Daniel Mullins will be reporting from the 2015 Bean Blossom Festival all week, as Internet service in the campground allows. Check back each day for his reports and photos.
Though Day 3 at Bean Blossom provided a little more rain, it did not derail the crowd from enjoying some great bluegrass music! After a small but mighty thunderstorm in the evening shut the main stage down for about a half hour, everything was back up and running in a matter of minutes, with the only casualty being the schedule that was running a little behind.
Jesse Gregroy & Faultine opened the day with her beautiful, soulful voice; there’s a reason that she won IBMA’s 2014 Momentum Award! Her band was an all-star crew, including Justin Moses and her best friend, Sierra Hull. Kody Norris & The Watauga Mountain Boys could be viewed as a sort of salute to Jimmy Martin. The band’s young leader is obviously influenced by the King of Bluegrass, by his loud style of dress, his colorful stage presence, and heavy inclusion of Jimmy’s songs. Kevin Prater and his big voice were a hit with the crowd.
For me, getting to see Raymond Fairchild, the King of the Smoky Mountain Banjo players. was a real treat. Arguably the greatest American on the face of the planet, Raymond shows command over his instrument just like he commands your attention. A real living legend, he not only captivated the audience with his signature Maggie Valley sound, but it was plain that all of the artists held a deep respect for Raymond, as many could be seen quietly watching one of the true mountain legends left in this music. Seeing David Davis salute his hero, Bill Monroe, on the historic Bean Blossom stage, was great. Thought he was battling a bit of laryngitis, he and the Warrior River Boys delivered lots of wonderful traditional bluegrass to the crowd.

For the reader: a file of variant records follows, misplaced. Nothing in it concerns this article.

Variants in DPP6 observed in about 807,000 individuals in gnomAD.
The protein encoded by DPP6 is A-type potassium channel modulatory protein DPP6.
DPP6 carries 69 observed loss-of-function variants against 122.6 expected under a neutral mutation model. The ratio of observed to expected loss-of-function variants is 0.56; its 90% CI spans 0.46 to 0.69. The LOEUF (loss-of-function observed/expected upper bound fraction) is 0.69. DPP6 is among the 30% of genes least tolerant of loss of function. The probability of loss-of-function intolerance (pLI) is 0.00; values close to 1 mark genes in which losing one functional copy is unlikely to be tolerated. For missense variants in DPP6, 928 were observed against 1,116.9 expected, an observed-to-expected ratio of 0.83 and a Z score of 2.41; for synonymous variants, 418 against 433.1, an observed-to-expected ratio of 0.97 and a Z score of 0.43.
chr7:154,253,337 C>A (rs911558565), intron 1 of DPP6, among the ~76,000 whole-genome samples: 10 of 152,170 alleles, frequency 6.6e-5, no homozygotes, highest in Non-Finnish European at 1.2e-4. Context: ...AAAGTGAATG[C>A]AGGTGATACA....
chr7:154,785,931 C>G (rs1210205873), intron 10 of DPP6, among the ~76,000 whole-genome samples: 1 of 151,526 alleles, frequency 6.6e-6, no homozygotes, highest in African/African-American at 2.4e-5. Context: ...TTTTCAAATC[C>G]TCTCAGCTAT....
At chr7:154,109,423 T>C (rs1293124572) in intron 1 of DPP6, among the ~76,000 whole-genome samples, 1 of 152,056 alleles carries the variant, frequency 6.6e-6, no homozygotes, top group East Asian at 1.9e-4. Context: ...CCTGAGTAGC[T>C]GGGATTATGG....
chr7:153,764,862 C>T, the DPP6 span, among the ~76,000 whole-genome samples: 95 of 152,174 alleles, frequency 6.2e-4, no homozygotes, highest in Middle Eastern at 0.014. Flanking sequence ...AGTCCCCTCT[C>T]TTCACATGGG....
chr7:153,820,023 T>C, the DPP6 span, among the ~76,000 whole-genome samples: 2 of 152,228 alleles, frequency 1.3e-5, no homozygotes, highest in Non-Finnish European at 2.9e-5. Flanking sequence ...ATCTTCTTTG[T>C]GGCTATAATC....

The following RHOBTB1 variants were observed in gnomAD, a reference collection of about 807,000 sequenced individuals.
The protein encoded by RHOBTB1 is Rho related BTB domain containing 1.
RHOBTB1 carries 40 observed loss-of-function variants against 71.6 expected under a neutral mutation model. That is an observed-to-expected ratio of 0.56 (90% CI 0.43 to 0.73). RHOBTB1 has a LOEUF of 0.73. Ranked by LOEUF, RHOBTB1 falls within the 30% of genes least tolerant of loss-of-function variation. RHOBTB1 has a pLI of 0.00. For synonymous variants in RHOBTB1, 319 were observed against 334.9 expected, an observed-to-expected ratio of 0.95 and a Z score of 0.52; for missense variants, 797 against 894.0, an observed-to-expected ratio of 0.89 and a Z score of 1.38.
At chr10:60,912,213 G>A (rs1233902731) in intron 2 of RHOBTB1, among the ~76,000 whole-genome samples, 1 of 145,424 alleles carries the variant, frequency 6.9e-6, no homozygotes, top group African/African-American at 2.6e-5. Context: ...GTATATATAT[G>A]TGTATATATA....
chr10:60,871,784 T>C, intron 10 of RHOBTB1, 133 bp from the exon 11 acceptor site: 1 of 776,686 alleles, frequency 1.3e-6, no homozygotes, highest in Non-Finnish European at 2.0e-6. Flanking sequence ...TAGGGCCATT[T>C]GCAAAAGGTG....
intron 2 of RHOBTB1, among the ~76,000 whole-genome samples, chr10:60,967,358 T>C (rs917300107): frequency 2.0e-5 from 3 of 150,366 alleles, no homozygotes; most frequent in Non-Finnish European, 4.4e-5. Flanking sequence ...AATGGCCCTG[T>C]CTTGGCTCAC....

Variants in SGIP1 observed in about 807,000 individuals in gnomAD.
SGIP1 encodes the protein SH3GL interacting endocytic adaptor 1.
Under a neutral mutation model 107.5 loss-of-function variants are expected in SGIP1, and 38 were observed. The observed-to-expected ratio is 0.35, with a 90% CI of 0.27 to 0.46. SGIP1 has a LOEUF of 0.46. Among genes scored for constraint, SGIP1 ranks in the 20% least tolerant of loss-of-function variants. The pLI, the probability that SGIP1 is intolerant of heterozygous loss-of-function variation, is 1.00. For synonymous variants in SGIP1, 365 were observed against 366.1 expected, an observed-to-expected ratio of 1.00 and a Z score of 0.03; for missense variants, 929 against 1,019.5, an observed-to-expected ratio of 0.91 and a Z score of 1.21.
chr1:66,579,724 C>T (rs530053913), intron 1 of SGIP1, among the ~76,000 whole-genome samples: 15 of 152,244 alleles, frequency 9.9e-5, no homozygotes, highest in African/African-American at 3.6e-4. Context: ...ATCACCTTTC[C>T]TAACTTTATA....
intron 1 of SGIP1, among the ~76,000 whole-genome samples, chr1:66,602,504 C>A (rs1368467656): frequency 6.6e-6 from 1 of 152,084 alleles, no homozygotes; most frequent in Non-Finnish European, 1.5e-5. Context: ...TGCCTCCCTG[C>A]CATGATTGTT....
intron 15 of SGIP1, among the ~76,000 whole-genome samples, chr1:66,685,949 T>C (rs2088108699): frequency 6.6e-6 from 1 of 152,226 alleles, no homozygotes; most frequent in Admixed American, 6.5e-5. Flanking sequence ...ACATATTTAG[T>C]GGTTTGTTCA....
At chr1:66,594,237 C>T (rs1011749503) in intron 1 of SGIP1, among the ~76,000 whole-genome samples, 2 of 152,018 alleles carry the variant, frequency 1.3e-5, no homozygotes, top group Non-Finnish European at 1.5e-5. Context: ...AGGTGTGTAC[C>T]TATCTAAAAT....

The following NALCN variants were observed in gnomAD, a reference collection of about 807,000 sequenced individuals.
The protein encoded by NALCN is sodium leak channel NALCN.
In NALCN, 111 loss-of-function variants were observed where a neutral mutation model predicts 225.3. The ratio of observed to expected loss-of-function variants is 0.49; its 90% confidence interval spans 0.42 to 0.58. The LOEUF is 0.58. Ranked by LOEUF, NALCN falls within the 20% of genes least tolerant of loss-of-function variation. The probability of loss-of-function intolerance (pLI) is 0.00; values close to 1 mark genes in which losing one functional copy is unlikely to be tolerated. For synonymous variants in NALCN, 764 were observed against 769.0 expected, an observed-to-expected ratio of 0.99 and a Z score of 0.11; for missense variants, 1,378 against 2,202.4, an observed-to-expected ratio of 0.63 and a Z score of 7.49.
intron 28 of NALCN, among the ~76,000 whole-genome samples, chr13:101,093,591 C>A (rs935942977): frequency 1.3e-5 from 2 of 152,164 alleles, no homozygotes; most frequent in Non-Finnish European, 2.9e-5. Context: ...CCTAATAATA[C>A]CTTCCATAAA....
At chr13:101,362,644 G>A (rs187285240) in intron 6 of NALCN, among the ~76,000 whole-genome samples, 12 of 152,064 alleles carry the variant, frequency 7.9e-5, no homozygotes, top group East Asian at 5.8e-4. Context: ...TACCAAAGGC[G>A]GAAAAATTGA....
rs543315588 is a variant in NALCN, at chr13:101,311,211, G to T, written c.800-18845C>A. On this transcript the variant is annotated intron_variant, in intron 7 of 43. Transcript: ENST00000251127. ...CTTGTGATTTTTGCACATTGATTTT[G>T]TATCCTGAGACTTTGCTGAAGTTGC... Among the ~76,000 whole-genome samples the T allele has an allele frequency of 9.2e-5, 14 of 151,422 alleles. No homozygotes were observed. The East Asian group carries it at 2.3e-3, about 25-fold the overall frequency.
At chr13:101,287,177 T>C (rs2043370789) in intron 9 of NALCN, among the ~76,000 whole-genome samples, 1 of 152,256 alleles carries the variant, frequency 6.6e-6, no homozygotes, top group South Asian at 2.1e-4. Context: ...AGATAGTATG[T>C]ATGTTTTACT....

The Farm Hands featured a decidedly country-flavored style of bluegrass to the stage. Featuring many family friendly songs about faith and country living, the band were a nice change of pace on a day that seemed to lean more on the traditional side. Grasstowne delivered their brand of bluegrass with ease, and it’s always a treat to hear Alan Bibey’s jazzy style of mandolin.
Over the past few years, The Spinney Brothers have blossomed into one of the most beloved bluegrass acts on the circuit today, and that was plainly evident last night. This band of Canadians deliver the high lonesome sound with class and respect, and the audience knows and appreciates it. Featuring a lively show filled with great picking, new songs, and wonderful brother harmony, I rival anyone to find a band that has more fun on stage than The Spinney Brothers.
Karl Shiflett & The Big Country Show were easily that day’s biggest surprise for me. Many great pickers have gone through KSBC’s ranks (such as Jessie Baker and Chris Hill), but Karl’s current band features some of the most overlooked pickers in bluegrass. Fiddlin’ Billy Hurt won over many fans yesterday, myself included. An absolute masterful fiddler, he wowed the crowd and practically stole not only the show, but the entire day. The Big Country Show also features one of bluegrass’ top young banjo pickers in Brennen Ernst. The band’s take on bluegrass and old-time country is as entertaining as can be, and the band was truly a fan favorite. If you haven’t seen Karl in a while, make it a point to catch them this summer.